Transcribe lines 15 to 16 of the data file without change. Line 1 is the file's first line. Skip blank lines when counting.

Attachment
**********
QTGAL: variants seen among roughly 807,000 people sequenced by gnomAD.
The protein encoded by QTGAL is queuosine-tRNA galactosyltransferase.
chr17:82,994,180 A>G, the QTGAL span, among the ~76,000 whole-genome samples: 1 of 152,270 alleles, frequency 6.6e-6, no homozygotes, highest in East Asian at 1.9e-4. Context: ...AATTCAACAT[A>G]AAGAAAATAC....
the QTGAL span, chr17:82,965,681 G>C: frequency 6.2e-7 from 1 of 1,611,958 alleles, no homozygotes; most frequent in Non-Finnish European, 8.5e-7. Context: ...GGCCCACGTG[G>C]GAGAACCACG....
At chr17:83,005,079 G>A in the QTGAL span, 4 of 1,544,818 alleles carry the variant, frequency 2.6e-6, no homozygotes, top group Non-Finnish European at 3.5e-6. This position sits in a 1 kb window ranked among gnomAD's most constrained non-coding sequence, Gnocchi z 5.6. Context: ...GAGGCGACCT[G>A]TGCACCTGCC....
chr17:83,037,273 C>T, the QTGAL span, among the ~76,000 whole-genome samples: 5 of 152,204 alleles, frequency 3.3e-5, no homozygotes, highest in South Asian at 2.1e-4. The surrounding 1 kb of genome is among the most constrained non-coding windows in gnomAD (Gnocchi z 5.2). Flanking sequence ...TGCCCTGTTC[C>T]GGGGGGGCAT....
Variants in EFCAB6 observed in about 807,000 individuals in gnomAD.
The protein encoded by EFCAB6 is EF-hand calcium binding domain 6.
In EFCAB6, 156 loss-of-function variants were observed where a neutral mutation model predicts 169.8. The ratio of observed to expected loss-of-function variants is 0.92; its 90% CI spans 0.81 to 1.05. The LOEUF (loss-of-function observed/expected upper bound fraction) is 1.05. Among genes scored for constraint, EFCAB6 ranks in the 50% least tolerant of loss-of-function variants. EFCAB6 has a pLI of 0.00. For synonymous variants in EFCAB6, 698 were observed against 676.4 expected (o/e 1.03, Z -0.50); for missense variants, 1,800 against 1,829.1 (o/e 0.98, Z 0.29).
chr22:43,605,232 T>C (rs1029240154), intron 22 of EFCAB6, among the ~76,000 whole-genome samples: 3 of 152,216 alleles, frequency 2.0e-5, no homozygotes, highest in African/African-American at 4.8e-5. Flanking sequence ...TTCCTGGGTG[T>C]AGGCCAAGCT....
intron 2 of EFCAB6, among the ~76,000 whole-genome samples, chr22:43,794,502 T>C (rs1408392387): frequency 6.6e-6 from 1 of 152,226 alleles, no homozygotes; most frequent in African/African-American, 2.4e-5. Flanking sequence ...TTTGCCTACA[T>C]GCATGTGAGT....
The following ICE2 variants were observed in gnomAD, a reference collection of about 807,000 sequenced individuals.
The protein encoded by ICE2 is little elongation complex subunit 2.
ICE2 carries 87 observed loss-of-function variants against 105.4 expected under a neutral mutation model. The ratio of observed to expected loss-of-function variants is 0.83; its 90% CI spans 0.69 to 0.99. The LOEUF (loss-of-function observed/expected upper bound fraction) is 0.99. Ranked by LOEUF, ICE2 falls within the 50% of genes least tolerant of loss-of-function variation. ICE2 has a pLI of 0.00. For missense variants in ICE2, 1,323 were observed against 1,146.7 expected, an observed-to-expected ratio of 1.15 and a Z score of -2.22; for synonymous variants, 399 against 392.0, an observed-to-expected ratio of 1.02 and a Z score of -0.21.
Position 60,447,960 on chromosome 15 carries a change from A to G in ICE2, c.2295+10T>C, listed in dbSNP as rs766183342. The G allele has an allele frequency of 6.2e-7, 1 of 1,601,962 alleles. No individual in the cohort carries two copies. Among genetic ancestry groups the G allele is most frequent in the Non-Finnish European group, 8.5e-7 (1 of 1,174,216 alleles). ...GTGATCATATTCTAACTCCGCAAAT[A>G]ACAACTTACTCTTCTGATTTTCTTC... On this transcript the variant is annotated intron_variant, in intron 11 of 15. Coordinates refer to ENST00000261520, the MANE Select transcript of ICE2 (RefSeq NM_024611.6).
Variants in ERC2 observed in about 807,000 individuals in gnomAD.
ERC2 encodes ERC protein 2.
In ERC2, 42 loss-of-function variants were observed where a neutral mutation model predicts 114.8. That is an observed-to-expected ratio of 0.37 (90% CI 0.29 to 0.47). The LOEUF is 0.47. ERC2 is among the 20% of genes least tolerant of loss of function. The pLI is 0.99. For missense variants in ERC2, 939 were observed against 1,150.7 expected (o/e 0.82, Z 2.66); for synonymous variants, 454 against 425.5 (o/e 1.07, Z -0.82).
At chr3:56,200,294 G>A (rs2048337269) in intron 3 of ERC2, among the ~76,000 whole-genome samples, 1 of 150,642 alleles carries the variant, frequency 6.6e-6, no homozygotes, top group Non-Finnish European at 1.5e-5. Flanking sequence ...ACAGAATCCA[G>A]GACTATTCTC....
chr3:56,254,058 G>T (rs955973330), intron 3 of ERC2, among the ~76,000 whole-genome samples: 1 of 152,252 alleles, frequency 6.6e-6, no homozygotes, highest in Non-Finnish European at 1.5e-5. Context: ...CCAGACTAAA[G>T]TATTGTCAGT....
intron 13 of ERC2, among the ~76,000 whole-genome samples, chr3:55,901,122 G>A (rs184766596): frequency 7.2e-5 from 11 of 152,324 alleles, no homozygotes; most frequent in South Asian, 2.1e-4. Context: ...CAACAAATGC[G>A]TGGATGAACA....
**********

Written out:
Position 60,447,960 on chromosome 15 carries a change from A to G in ICE2, c.2295+10T>C, listed in dbSNP as rs766183342. The G allele has an allele frequency of 6.2e-7, 1 of 1,601,962 alleles. No individual in the cohort carries two copies. Among genetic ancestry groups the G allele is most frequent in the Non-Finnish European group, 8.5e-7 (1 of 1,174,216 alleles). ...GTGATCATATTCTAACTCCGCAAAT[A>G]ACAACTTACTCTTCTGATTTTCTTC... On this transcript the variant is annotated intron_variant, in intron 11 of 15. Coordinates refer to ENST00000261520, the MANE Select transcript of ICE2 (RefSeq NM_024611.6).
Variants in ERC2 observed in about 807,000 individuals in gnomAD.